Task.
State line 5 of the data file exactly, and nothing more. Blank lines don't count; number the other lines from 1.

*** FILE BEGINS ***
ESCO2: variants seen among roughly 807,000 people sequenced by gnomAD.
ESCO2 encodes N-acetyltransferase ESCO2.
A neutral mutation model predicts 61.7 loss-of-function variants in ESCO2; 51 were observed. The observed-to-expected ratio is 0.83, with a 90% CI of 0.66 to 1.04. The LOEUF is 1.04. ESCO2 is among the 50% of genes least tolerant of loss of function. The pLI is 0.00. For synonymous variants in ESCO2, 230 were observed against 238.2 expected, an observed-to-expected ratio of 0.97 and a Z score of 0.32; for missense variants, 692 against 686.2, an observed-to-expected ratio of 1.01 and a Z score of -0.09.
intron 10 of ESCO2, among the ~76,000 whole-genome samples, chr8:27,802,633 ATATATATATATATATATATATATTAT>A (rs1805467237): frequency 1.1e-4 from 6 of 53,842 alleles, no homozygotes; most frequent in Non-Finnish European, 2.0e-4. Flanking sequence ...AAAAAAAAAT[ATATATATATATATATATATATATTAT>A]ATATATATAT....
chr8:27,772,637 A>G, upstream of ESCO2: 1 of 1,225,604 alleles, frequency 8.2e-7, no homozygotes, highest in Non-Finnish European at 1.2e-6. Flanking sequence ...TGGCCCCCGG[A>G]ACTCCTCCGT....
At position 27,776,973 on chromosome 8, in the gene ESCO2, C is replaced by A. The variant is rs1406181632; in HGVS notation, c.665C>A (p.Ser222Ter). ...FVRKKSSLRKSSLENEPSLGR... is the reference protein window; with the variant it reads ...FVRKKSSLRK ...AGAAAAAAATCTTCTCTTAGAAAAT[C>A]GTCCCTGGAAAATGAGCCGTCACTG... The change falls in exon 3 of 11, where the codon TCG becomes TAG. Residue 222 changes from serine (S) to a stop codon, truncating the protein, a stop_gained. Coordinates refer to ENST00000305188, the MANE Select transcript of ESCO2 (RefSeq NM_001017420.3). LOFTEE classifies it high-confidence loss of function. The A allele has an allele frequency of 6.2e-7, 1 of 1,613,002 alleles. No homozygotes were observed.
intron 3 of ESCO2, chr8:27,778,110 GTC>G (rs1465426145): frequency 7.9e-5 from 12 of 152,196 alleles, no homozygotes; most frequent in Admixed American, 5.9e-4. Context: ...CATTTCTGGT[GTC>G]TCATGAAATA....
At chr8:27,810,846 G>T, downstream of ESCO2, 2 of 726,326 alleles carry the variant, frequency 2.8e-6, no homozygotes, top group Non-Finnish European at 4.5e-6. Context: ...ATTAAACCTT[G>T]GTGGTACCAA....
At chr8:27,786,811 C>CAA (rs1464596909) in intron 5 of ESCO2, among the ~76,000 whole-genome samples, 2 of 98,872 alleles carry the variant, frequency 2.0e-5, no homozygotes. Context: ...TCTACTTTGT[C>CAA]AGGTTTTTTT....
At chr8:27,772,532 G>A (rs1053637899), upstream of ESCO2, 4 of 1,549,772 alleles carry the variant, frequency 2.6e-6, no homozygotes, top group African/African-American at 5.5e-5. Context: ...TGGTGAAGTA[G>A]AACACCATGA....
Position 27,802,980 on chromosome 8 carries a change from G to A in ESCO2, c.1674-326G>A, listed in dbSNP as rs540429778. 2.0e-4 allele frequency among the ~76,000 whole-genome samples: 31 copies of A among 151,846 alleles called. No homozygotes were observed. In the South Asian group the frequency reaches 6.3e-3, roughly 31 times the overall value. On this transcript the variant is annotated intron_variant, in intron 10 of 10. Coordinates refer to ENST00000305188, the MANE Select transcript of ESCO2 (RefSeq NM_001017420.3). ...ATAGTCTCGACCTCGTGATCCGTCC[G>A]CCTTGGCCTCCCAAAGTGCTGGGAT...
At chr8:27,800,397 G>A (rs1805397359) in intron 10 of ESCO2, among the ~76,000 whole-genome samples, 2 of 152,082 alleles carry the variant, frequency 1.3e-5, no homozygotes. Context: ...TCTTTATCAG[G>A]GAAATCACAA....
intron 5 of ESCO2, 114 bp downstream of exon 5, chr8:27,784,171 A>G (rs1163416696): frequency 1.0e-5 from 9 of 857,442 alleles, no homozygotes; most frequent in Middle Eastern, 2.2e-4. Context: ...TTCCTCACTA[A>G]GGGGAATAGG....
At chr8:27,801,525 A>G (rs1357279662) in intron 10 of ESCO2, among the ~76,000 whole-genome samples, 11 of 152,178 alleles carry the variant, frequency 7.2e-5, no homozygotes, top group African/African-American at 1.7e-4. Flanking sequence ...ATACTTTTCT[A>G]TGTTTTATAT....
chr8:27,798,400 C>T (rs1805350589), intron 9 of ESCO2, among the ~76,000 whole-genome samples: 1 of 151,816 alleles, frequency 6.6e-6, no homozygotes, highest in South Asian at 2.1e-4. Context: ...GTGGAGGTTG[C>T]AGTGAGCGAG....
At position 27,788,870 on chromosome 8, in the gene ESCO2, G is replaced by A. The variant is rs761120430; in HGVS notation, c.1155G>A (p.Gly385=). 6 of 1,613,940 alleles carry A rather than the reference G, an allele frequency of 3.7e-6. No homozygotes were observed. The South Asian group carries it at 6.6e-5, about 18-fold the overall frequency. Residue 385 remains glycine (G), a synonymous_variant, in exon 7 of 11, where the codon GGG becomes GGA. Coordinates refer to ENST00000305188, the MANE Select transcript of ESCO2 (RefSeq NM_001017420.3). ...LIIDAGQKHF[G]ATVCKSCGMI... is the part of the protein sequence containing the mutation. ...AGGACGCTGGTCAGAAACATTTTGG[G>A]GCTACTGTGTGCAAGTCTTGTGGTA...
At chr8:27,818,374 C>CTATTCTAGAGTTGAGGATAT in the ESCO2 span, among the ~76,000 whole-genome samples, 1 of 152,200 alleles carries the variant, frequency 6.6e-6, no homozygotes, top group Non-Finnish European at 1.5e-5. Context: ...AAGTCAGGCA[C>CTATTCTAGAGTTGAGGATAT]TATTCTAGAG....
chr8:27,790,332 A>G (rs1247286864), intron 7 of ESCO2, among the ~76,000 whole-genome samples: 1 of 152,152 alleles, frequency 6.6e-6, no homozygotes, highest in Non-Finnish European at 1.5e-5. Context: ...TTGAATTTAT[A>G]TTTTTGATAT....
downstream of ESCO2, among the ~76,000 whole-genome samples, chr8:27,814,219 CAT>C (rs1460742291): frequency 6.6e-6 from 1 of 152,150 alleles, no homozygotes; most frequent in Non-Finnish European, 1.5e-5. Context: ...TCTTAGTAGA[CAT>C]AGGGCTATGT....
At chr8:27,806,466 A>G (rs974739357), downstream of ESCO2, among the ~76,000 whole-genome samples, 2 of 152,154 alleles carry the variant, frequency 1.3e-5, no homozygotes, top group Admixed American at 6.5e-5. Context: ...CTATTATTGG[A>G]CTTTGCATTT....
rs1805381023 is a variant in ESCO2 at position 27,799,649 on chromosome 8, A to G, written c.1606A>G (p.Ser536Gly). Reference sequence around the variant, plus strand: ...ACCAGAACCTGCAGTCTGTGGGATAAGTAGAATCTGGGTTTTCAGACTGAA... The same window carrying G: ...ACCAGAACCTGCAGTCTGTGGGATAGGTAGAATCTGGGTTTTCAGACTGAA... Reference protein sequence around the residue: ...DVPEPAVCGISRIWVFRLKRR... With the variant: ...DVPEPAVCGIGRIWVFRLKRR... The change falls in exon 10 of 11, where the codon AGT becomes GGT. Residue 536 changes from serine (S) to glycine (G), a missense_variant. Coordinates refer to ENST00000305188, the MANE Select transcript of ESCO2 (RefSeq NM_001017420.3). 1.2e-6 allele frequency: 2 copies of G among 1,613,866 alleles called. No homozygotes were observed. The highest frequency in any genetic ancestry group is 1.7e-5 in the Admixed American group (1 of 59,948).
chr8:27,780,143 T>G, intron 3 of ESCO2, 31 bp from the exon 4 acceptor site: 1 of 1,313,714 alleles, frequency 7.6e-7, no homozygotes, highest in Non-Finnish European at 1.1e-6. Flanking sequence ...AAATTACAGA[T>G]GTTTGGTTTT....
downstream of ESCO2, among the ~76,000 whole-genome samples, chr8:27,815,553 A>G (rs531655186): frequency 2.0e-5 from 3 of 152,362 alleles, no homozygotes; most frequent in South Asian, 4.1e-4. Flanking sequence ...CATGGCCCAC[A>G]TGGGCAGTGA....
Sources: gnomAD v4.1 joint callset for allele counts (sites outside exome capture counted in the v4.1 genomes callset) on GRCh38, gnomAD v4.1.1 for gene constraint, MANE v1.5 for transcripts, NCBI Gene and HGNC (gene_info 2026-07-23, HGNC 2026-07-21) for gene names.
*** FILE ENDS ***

chr8:27,772,637 A>G, upstream of ESCO2: 1 of 1,225,604 alleles, frequency 8.2e-7, no homozygotes, highest in Non-Finnish European at 1.2e-6. Flanking sequence ...TGGCCCCCGG[A>G]ACTCCTCCGT....